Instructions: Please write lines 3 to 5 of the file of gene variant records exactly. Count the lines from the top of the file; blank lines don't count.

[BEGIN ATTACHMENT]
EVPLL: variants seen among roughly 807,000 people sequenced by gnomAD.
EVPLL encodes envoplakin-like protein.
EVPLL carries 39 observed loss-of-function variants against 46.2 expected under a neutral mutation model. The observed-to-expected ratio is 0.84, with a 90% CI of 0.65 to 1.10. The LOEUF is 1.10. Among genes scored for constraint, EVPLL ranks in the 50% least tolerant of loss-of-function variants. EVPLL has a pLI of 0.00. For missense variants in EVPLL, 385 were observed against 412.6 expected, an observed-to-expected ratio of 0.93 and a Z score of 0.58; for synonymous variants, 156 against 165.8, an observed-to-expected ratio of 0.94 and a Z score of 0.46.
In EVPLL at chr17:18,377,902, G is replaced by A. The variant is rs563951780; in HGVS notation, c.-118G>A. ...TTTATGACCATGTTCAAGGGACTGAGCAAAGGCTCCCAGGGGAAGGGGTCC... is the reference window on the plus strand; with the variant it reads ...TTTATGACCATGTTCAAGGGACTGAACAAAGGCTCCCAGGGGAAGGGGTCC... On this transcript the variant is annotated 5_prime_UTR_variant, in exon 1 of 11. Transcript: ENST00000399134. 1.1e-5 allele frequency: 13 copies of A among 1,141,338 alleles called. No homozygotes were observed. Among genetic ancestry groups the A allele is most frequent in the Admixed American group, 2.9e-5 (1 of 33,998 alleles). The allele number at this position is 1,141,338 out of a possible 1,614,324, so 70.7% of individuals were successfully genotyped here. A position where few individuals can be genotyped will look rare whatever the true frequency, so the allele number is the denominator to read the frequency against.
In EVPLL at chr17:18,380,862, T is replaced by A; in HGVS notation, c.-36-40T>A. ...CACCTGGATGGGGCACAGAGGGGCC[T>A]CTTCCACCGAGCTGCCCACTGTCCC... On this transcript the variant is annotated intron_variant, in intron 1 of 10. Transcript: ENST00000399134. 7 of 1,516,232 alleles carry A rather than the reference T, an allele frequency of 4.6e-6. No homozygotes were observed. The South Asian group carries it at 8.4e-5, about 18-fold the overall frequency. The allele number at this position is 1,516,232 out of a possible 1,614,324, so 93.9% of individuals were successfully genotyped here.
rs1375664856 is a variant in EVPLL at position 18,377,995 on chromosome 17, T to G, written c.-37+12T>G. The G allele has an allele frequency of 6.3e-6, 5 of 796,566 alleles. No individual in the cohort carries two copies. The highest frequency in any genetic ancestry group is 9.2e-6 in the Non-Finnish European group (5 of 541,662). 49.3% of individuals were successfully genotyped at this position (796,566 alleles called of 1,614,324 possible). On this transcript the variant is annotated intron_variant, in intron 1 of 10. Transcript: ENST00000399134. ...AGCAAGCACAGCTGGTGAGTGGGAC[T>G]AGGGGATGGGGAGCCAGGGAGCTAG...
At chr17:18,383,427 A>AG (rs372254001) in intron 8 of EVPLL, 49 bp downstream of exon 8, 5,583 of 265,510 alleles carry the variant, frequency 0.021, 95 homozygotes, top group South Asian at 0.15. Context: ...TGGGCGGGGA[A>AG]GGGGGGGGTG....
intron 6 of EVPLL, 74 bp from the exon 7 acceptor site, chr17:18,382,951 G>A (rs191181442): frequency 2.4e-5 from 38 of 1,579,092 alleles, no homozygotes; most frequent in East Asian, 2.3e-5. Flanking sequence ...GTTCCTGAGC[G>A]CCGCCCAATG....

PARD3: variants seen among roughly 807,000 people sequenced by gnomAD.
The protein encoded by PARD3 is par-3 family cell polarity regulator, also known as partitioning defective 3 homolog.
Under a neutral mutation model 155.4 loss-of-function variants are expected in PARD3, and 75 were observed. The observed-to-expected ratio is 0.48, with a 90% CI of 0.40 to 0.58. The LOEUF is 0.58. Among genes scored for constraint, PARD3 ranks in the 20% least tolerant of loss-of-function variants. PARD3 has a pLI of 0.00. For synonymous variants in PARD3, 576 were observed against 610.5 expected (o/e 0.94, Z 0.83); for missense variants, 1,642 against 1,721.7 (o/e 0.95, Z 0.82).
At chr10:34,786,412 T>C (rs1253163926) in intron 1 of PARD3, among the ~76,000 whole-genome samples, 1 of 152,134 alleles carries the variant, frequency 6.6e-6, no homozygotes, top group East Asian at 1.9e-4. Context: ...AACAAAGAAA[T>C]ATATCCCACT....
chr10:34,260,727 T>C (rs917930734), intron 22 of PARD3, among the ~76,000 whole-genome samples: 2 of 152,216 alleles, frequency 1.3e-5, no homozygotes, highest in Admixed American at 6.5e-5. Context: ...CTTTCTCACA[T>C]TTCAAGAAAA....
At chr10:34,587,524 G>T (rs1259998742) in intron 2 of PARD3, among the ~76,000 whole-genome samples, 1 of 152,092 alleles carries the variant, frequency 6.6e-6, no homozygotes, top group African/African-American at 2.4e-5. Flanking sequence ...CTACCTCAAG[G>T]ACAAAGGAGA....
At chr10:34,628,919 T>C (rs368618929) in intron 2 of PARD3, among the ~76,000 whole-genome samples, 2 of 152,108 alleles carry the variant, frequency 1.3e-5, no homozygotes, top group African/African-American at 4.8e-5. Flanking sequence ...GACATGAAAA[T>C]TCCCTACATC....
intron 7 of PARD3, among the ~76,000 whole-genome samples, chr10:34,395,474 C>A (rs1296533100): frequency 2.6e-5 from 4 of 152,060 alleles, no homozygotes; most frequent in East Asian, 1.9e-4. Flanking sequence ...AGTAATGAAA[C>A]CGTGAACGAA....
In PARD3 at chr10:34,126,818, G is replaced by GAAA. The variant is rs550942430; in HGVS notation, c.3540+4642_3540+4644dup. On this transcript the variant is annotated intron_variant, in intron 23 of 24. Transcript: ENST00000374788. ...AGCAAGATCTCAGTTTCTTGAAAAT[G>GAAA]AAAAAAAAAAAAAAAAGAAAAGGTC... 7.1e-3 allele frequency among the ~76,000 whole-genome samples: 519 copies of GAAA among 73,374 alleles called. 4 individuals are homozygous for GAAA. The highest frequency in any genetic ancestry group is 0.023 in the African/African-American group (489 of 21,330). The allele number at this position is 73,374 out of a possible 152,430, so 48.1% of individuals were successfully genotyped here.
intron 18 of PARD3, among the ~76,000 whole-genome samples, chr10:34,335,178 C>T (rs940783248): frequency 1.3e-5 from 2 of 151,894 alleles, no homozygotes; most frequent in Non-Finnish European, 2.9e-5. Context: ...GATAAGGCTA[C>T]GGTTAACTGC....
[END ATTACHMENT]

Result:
EVPLL carries 39 observed loss-of-function variants against 46.2 expected under a neutral mutation model. The observed-to-expected ratio is 0.84, with a 90% CI of 0.65 to 1.10. The LOEUF is 1.10. Among genes scored for constraint, EVPLL ranks in the 50% least tolerant of loss-of-function variants. EVPLL has a pLI of 0.00. For missense variants in EVPLL, 385 were observed against 412.6 expected, an observed-to-expected ratio of 0.93 and a Z score of 0.58; for synonymous variants, 156 against 165.8, an observed-to-expected ratio of 0.94 and a Z score of 0.46.
In EVPLL at chr17:18,377,902, G is replaced by A. The variant is rs563951780; in HGVS notation, c.-118G>A. ...TTTATGACCATGTTCAAGGGACTGAGCAAAGGCTCCCAGGGGAAGGGGTCC... is the reference window on the plus strand; with the variant it reads ...TTTATGACCATGTTCAAGGGACTGAACAAAGGCTCCCAGGGGAAGGGGTCC... On this transcript the variant is annotated 5_prime_UTR_variant, in exon 1 of 11. Transcript: ENST00000399134. 1.1e-5 allele frequency: 13 copies of A among 1,141,338 alleles called. No homozygotes were observed. Among genetic ancestry groups the A allele is most frequent in the Admixed American group, 2.9e-5 (1 of 33,998 alleles). The allele number at this position is 1,141,338 out of a possible 1,614,324, so 70.7% of individuals were successfully genotyped here. A position where few individuals can be genotyped will look rare whatever the true frequency, so the allele number is the denominator to read the frequency against.
In EVPLL at chr17:18,380,862, T is replaced by A; in HGVS notation, c.-36-40T>A. ...CACCTGGATGGGGCACAGAGGGGCC[T>A]CTTCCACCGAGCTGCCCACTGTCCC... On this transcript the variant is annotated intron_variant, in intron 1 of 10. Transcript: ENST00000399134. 7 of 1,516,232 alleles carry A rather than the reference T, an allele frequency of 4.6e-6. No homozygotes were observed. The South Asian group carries it at 8.4e-5, about 18-fold the overall frequency. The allele number at this position is 1,516,232 out of a possible 1,614,324, so 93.9% of individuals were successfully genotyped here.